What this plugin is doing is safe, so I'm going to invoke the command again and this time, I will choose Run.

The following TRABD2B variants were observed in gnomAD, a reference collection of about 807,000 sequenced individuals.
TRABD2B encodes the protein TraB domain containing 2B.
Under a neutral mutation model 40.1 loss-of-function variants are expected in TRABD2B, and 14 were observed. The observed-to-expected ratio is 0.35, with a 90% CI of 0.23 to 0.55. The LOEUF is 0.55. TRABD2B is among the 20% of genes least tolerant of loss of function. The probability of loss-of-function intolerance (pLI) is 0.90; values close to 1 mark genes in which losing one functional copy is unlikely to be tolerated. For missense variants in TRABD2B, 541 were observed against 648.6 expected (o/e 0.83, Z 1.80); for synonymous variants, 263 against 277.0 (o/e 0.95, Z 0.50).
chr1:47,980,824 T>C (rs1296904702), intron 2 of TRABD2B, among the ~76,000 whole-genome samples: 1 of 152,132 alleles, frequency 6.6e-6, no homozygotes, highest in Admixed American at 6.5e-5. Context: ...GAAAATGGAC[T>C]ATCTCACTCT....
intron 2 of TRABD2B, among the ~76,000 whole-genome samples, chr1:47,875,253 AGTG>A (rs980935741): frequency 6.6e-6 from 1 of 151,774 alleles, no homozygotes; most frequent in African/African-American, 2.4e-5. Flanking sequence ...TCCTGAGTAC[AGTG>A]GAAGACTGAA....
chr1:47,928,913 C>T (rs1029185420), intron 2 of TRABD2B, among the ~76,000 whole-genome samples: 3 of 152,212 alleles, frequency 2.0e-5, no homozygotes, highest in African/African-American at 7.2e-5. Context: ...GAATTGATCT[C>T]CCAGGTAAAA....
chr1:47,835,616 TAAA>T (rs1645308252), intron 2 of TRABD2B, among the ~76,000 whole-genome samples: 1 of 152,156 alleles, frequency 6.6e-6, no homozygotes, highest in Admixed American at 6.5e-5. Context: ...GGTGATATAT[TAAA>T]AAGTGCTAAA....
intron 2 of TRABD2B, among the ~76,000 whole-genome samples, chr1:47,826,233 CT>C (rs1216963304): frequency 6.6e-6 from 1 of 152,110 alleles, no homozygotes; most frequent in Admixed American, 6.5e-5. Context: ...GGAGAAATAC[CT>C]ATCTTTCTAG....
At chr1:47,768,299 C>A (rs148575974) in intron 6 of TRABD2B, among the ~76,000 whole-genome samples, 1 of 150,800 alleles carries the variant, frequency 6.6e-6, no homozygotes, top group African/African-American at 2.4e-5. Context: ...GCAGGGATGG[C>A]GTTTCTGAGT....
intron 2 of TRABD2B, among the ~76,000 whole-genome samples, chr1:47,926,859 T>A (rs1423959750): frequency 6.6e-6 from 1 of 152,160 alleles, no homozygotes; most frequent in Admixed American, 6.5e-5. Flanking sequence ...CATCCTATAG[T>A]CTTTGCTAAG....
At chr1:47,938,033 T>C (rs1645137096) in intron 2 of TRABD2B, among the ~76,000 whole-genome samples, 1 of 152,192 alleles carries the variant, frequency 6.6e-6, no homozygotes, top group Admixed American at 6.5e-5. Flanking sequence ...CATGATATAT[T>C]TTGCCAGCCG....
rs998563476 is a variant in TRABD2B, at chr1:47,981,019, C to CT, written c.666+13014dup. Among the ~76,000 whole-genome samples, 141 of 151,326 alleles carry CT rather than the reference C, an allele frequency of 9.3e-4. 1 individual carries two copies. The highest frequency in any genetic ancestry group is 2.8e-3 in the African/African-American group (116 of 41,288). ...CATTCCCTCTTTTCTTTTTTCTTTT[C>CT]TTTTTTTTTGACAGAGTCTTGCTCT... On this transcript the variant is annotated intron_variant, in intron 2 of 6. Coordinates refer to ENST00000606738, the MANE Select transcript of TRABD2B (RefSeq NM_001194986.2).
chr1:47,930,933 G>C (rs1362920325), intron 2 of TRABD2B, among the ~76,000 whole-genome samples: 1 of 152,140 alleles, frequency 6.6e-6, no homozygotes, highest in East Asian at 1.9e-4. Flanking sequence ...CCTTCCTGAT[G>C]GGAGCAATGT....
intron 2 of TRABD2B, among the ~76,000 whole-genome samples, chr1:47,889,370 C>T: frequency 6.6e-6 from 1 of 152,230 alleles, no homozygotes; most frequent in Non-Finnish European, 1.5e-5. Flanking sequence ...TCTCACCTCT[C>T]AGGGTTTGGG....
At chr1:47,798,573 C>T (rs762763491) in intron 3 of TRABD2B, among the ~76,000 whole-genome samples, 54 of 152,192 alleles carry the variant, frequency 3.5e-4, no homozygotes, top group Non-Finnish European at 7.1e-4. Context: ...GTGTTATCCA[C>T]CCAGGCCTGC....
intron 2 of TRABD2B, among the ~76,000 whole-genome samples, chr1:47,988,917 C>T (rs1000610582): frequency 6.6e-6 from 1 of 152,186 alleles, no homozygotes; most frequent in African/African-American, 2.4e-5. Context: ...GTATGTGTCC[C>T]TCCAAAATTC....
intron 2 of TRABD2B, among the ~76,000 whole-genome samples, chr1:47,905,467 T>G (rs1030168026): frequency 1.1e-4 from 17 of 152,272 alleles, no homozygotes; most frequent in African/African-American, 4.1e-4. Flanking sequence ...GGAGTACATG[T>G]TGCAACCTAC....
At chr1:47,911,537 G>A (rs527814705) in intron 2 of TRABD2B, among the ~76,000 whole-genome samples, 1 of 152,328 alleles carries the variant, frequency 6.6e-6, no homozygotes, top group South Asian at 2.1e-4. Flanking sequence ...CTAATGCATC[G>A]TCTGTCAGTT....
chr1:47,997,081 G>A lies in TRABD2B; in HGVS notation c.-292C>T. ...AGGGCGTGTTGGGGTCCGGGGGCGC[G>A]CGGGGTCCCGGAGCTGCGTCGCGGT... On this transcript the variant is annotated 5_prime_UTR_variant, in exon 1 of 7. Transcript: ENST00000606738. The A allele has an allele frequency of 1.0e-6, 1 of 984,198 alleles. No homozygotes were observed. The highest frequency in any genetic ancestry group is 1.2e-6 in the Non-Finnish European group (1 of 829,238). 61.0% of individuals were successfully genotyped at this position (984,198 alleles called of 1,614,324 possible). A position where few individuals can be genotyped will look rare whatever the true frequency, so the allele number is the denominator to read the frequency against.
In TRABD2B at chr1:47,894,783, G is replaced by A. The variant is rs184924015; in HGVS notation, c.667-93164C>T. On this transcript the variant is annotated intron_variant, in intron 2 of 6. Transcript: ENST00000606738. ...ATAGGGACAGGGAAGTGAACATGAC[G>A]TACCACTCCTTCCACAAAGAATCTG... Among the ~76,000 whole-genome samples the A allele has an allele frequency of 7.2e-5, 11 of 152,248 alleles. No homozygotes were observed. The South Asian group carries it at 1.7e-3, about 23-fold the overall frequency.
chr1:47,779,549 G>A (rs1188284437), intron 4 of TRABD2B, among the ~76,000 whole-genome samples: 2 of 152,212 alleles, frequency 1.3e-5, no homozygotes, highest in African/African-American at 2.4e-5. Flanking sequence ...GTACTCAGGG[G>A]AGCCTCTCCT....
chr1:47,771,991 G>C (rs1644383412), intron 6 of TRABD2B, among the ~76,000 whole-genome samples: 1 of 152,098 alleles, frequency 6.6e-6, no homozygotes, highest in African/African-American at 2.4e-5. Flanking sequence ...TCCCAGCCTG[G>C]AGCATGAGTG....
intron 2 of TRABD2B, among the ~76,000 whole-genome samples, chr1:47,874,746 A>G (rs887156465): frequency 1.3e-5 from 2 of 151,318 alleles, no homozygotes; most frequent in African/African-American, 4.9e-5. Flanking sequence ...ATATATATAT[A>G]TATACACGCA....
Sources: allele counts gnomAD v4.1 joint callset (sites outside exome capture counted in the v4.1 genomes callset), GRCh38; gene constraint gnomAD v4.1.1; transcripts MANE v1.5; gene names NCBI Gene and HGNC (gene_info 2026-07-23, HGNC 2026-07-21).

I'll tell Xcode to remember my choice for this plugin. This particular plugin uses Git history to generate a file listing showing the names of contributors, but there's a lot of flexibility in what command plugins can do. Now that we've used a command plugin in Xcode, let's take a closer look at how plugins work under the hood. Package plugins are Swift scripts that are compiled and run when they are needed. Each plugin runs as a separate process. Plugins have access to a distilled representation of the input package, including its source files. A plugin also gets information about any dependencies of the package. Many plugins call command-line tools as part of doing their work. Plugins can also create files and directories, and can perform other actions using standard libraries such as Foundation. A plugin runs in a sandbox that prevents network access and that only allows writing to a few places in the file system, such as the build outputs directory. But command plugins can ask for permission to also modify files in the package source directory. If the user approves, the sandbox is configured to allow writing to those locations. The plugin can also send results back to Xcode. It can emit warnings and errors, and build tool plugins can define tool invocations for Xcode to run during the build. All package plugins use API from the PackagePlugin module provided by Xcode. This API allows the plugin to access the input package, and if appropriate, to return results to Xcode. The main source file that implements the plugin also defines the main entry point. This should be a class or a struct that conforms to the protocol that matches the type of plugin. The specific entry point function that Xcode calls depends on what kind of plugin it is. You can learn more about the PackagePlugin API in the "Create Swift Package plugins" video. Earlier, we used a command plugin to make changes to our package. Let's look at some more of the specifics of command plugins. Command plugins extend the development workflow. They are applied directly to a package, not during a build. Not all command plugins modify the file system -- there are useful actions that don't involve changing any files. But if a command does want to write to the file system, it must declare that in the manifest of the package that implements the plugin. This causes Xcode to ask the user for permission before letting the plugin run. Plugins are usually quite small, and often depend on other tools to do the actual work. Earlier, we saw that one of the plugins uses SwiftFormat for all the real work. Dependencies on tool packages can be either binaries or source code -- Xcode will build any required tools from source before the command is invoked. Note that the plugin can be provided by a different package than the tool it relies on. In the implementation of command plugins, the main type conforms to the CommandPlugin protocol, and the plugin implements the performCommand entry point. This entry point takes a context and any custom arguments provided by the user. Let's look at a different way of invoking command plugins. I'm going to use the same project as before, and because I added the dependency on the SourceCodeUtilities package earlier, I can invoke the same plugins in Terminal. First I'm going to change directory into the CoreLibs package, since that's the package that I want to apply the command plugin to. Swift Package Manager 5.6 has a new subcommand for plugins. I'll type "swift package plugin --List" to see what plugins are available. This shows the same plugins as in the menu in Xcode. Here on the command line, each command also shows the verb that should be used to run it. I'll use the verb for regenerating a contributor list, as I did in Xcode. This plugin wants permission to write to the file system, since it's going to create a file. I type "yes" to allow this, and the plugin can run and update the contributor list. I could also have used a package manager option that allows the plugin to write to the file system without asking. This is particularly useful if you're invoking it from a CI system or other build automation. But be sure you know what the plugin is doing before using that option. Just like in Xcode, I can pass command line arguments to the plugin. Any arguments after the plugin's action verb will be passed to the plugin. In this case, I pass a verbose flag to see more output from the plugin as it runs. Each command plugin defines what arguments it supports. Until now, we've been talking mostly about command plugins. But there are a few more things to say about build tool plugins. Unlike a command plugin, a build tool plugin does not do its work immediately. Instead, it creates and returns build tool invocations for Xcode to run later when the package is built. Each of those tool invocations has a command line to run, and it also has inputs and outputs that tells Xcode when to run it. Build tool plugins can define commands that run during the build or before the build. We'll take a look at the difference in a minute.